Marilyn Monroe required 47 takes to get "It's me, Sugar" correct, instead saying either "Sugar, it's me" or "It's Sugar, me". After take 30, Billy Wilder had the line written on a blackboard. Another scene required Monroe to rummage through some drawers and say "Where's the bourbon?" After 40 takes of her saying "Where's the whiskey?", 'Where's the bottle?", or "Where's the bonbon?", Wilder pasted the correct line in one of the drawers. After Monroe became confused about which drawer contained the line, Wilder had it pasted in every drawer. Fifty-nine takes were required for this scene and when she finally does say it, she has her back to the camera, leading some to wonder if Wilder finally gave up and had it dubbed.
When Tony Curtis and Jack Lemmon first put on the female make-up and costumes, they walked around the Goldwyn Studios lot to see if they could "pass" as women. Then they tried using mirrors in public ladies rooms to fix their makeup, and when none of the women using it complained, they knew they could be convincing as women. There is a scene on the train recreating this moment.
Marilyn Monroe wanted the film to be shot in color (her contract stipulated that all her films were to be in color), but Billy Wilder convinced her to let it be shot in black and white when costume tests revealed that the makeup that Tony Curtis and Jack Lemmon wore gave their faces a green tinge.
Jack Lemmon wrote that the first sneak preview had a bad reaction with many audience walkouts. Many studio personnel and agents offered advice to Billy Wilder on what scenes to reshoot, add and cut. Lemmon asked Wilder what he was going to do. Wilder responded: "Why, nothing. This is a very funny movie and I believe in it just as it is. Maybe this is the wrong neighborhood in which to have shown it. At any rate, I don't panic over one preview. It's a hell of a movie." Wilder held the next preview in the Westwood section of Los Angeles, and the audience stood up and cheered.
Tony Curtis has said that he asked Billy Wilder if he could imitate Cary Grant for his stint as the millionaire in the movie. Wilder liked it and they shot it that way. Apparently, Grant saw the parody of himself and stated, "I don't talk like that."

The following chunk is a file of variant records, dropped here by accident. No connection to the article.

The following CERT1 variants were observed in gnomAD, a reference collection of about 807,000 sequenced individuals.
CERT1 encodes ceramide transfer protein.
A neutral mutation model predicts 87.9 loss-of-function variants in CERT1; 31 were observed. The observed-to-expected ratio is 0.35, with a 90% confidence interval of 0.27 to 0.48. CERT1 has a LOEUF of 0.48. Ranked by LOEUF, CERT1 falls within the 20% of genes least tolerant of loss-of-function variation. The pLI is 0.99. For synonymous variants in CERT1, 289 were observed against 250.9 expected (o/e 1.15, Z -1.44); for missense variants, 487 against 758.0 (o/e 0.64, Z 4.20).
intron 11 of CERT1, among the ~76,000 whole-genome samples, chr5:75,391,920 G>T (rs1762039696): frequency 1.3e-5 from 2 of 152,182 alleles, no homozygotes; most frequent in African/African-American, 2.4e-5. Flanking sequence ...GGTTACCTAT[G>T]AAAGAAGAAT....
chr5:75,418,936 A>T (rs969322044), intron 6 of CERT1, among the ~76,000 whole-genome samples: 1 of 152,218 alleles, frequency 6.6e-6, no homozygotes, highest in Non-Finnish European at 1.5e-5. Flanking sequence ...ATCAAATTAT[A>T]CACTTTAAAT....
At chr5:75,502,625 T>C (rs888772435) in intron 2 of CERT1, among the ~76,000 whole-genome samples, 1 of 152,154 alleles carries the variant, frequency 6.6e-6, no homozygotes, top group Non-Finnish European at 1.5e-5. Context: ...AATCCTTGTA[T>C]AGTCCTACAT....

Supposedly when Orry-Kelly was measuring all three stars for dresses, he half-jokingly told Marilyn Monroe, "Tony Curtis has a nicer butt than you," at which point Monroe pulled open her blouse and said, "Yeah, but he doesn't have tits like these!"
Stories of the difficulty that cast and crew had with Marilyn Monroe during the making of this film have grown to almost mythical proportions. In the "farewell" telephone conversation between Monroe and Tony Curtis, her side-to-side eye movements clearly reveal that she was reading her lines directly from an off-screen blackboard. According to Curtis, Monroe was routinely 2 to 3 hours late to the set, and occasionally refused to leave her dressing room.
A cabaret dancer (a man who played women on stage) tried to teach Tony Curtis and Jack Lemmon to walk in heels. After about a week, Lemmon declined his help, saying he didn't want to walk like a woman, but a man trying to walk like a woman.
In 2008, a Californian man who found a little black dress in his closet was stunned when appraisers for U.S. TV series Antiques Roadshow (1997) determined it once belonged to Marilyn Monroe. The frock - which Monroe was sewn into for Some Like It Hot (1959) - was estimated to be worth $250,000
Marilyn Monroe was pregnant during the filming, as a result she looked considerably heavier. She had several miscarriages in her life. Due to her pregnancy, most of the publicity still photos were posed for by both Sandra Warner (who had an uncredited role as one of the band members) and Monroe's frequent stand-in Evelyn Moriarty with Monroe's head superimposed later.